Pick up some design ideas, see how to add storage and glean a few tips for tucking a breakfast nook just about anywhere.
Fill your breakfast nook with light.
A wall of windows makes this breakfast nook the perfect spot to grab a quick meal or lounge with a cup of coffee. A tulip table is perfect for adding additional chairs when the whole family eats together. A built-in banquette adds hidden storage to the casual breakfast nook.
Help your nook fit into a sliver of space.
At the end of this kitchen, a tiny banquette and a few chairs are tucked under the window. This sliver of space allows dining for at least four people, which the kitchen lacked before this custom bench was added. Plus, the bench opens up to provide additional storage to the small space.
Carve a breakfast booth out of existing space.
Consider borrowing square footage from spaces adjacent to your kitchen to create a new breakfast nook. A separate eating area gives diners a place to sit out of the cook’s way. This banquette is the perfect place to add extra (hidden) storage to the kitchen.
Let light in by ditching curtains.
Minimal window coverings keep this breakfast nook bright and sunny. Soft yellow cushions, pillows and painted chairs add to the room’s happy feel. The L-shape breakfast nook design makes the most of this kitchen’s nook and creates many extra places to sit.
Create a fresh take on vintage.
This sweet breakfast nook fits perfectly into a previously unused corner of the kitchen. A built-in bench wraps the corner, adding storage and lots of seating. Vintage-inspired furniture and light fixtures add a playful, casual vibe to the eating area.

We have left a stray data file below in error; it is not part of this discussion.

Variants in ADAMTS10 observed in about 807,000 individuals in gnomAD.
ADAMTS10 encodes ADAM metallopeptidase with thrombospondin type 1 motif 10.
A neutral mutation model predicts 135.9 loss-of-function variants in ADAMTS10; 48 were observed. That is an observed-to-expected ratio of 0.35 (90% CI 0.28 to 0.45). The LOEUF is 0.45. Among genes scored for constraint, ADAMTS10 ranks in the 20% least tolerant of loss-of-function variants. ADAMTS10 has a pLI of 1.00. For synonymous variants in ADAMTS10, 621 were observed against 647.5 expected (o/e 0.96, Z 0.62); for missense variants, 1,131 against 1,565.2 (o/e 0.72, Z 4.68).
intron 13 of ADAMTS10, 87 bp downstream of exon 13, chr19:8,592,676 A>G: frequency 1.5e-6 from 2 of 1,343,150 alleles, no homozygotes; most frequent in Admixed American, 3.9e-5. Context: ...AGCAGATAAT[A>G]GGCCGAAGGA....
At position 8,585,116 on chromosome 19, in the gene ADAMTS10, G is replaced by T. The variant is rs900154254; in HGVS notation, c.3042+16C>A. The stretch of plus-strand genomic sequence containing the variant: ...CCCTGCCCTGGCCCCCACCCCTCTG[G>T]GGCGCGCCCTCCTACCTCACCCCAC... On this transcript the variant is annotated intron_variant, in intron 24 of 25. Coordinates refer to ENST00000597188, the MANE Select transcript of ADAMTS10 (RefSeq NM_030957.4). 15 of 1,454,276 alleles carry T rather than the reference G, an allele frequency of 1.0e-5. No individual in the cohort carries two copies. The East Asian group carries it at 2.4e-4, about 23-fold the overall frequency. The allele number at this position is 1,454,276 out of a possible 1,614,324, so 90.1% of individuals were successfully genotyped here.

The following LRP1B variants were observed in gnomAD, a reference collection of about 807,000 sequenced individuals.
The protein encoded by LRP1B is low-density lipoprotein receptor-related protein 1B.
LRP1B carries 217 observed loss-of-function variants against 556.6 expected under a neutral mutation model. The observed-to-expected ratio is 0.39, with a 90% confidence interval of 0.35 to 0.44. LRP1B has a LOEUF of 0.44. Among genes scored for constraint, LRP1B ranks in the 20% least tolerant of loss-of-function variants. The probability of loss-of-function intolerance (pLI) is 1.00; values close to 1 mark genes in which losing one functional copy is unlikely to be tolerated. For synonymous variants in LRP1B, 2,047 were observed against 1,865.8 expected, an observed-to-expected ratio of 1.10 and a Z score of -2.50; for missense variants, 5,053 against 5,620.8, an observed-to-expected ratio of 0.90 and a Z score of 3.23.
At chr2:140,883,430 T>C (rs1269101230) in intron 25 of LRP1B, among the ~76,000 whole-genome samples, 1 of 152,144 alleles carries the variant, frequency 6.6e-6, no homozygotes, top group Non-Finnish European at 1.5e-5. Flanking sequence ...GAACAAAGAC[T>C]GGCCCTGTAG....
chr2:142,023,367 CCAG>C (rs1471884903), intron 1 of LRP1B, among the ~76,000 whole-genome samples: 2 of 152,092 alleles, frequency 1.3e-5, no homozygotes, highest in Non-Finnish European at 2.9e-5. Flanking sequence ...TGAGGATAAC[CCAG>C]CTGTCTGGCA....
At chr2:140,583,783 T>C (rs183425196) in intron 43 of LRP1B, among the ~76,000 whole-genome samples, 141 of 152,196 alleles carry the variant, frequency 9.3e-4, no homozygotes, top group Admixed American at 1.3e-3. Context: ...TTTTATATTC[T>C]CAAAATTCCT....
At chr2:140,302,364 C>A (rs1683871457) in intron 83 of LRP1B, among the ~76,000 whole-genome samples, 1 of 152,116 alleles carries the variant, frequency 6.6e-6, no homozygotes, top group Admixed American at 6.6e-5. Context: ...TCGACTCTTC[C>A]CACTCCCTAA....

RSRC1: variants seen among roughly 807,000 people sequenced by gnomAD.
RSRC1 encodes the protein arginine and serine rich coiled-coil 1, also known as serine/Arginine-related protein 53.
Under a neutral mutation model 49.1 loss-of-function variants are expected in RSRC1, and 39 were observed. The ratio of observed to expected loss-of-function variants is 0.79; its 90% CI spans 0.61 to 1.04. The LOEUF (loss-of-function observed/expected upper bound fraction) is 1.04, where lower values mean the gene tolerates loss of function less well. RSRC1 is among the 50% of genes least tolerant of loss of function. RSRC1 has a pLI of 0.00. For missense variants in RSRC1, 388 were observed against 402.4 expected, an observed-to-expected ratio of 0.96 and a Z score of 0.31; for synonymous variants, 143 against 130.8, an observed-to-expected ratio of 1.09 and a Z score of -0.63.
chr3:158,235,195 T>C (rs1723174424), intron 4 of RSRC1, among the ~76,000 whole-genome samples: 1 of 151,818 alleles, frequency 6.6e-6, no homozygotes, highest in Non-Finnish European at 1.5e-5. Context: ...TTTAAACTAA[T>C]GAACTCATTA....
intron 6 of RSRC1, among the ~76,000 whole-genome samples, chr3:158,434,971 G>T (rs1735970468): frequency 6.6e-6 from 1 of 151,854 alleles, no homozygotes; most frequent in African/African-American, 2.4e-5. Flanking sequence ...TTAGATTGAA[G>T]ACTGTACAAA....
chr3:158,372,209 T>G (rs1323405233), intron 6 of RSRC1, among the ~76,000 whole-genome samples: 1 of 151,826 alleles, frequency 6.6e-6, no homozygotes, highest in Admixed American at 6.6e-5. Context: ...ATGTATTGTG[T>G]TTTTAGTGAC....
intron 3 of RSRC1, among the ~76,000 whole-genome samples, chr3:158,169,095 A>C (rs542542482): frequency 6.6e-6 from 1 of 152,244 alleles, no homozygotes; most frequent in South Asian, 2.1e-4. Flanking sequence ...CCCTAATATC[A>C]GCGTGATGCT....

Have a mismatched moment.
In this cottage breakfast nook, mismatched chairs and a table are unified with a coat of white paint and slipcovers sewn from drop cloths. The bench is a repurposed bifold door, painted in a crisp blue. Accessories complete this kitchen’s cozy breakfast nook.
Embrace a modern look.
A modern table-and-chairs set, pendant lighting and wall decor put a stylish spin on a traditional breakfast nook. Keeping the walls white in both this space and the kitchen creates a cohesive look and ties the rooms together.
Create a comfy niche.
Like many others, this breakfast nook takes advantage of windows that provide natural light and great views. Low, comfortable benches keep the breakfast nook casual and comfortable.
Little details make the difference.
The little details of this breakfast nook tie the room together. The patterns on the seat cushions and rug add style to the room. The black pendant light and white table and chairs provide contrast. These simple details complement each other and create a cohesive look. A nearby china hutch stores overflow from the kitchen, such as infrequently used linens and dishes.
Make your breakfast nook sleek and chic.
A sleek white table, a dainty chandelier and pretty fabrics transform a narrow breakfast nook into an intimate gathering spot. The beaded board on the wall of this breakfast nook links it to the adjacent kitchen. A strategically placed mirror opens up the dining area and gives the impression that the space is bigger than it is.